There are many paths to a spiritual awakening. Near death experiences are in the news and on many bookshelves. People are finding other realms with spiritual teachers, drugs, in nature, with music, drumming, dance, or chanting. Others find an experience of their own divinity in extreme sports, life crises, or in the course of losing a loved one. People can find awakening while gardening, parenting, and caring for the less fortunate. People report experiences of spiritual awakening in dreams, meditation, heart-full prayer, or simply just being very present in the moment. There seem to be many avenues to a spiritual awakening but they all have one thing in common.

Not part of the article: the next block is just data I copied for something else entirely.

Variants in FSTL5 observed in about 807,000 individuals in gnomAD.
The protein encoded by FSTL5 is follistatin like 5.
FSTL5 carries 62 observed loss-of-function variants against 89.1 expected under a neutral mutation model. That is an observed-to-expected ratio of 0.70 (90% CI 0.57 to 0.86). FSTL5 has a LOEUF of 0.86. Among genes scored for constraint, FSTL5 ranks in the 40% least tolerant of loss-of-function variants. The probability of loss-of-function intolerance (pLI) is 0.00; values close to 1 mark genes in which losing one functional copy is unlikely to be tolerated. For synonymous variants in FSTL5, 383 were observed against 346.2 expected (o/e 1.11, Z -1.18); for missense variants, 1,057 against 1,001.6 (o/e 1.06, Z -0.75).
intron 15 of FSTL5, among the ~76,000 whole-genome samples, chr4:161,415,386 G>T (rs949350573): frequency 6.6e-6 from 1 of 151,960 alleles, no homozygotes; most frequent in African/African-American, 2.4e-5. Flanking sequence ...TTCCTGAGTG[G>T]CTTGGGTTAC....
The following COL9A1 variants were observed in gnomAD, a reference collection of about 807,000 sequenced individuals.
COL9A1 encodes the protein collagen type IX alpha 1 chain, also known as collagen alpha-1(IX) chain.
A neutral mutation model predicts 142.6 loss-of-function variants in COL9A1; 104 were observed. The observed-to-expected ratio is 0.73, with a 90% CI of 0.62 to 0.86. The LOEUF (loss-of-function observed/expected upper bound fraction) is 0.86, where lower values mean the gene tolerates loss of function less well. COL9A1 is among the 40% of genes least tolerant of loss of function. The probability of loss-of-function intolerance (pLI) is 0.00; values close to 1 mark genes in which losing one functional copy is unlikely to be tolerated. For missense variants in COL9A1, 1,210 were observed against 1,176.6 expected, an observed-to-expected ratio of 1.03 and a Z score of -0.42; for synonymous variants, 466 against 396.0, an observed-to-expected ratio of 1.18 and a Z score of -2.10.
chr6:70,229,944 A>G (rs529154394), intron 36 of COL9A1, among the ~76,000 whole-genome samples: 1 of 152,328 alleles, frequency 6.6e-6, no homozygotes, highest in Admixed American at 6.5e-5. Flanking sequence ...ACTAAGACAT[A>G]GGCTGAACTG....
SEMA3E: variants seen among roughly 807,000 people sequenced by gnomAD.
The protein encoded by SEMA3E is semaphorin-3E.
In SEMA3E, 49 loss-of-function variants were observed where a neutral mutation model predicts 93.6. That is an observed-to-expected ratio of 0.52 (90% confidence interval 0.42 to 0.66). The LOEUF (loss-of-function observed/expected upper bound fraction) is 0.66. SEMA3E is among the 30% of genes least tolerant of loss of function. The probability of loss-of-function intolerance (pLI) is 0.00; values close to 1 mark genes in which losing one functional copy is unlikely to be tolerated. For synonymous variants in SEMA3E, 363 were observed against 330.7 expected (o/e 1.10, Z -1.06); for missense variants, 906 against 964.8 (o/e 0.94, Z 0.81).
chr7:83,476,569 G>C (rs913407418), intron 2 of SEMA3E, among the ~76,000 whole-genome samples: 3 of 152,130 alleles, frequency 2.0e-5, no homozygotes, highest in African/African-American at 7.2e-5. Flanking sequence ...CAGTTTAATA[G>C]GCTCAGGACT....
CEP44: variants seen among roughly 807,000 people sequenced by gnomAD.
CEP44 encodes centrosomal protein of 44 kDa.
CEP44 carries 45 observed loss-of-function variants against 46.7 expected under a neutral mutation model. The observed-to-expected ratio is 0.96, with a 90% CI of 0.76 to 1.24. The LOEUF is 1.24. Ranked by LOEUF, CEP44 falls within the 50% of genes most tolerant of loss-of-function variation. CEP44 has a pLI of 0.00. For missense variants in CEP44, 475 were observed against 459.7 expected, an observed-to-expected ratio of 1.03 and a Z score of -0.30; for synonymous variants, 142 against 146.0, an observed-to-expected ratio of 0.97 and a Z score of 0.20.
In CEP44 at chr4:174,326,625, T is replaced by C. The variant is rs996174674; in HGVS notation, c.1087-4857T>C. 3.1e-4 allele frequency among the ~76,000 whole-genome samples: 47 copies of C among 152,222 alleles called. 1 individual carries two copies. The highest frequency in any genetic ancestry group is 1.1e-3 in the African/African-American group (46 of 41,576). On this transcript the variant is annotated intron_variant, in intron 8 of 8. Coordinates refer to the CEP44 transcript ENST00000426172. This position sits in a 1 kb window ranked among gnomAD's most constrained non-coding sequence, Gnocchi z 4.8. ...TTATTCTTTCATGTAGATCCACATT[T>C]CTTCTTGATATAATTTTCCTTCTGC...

Bonnie Greenwell is a transpersonal psychotherapist and non-dual teacher in the lineage of Adyashanti. She founded Shanti River Center in Ashland, Oregon, and the Kundalini Research Network in 1990. Her books include Energies of Transformation: A Guide to the Kundalini Process based on her dissertation research, and The Kundalini Guide and The Awakening Guide from her 30 years of advising people in a spiritual awakening process. Her new book, When Spirit Leaps; Understanding Spiritual Awakening, will be available through New Harbinger Press in 2018. She has trained people internationally to work with spiritual emergence and kundalini phenomena, and now mentors people through private Internet sessions and webinars. She believes the awakening of consciousness to Truth is a natural state available to all who sincerely long for Self-Realization, and that kundalini is fundamentally a clearing and transformative energetic support for this process. You can meet her at the SAND conference in October where she will be a featured presenter.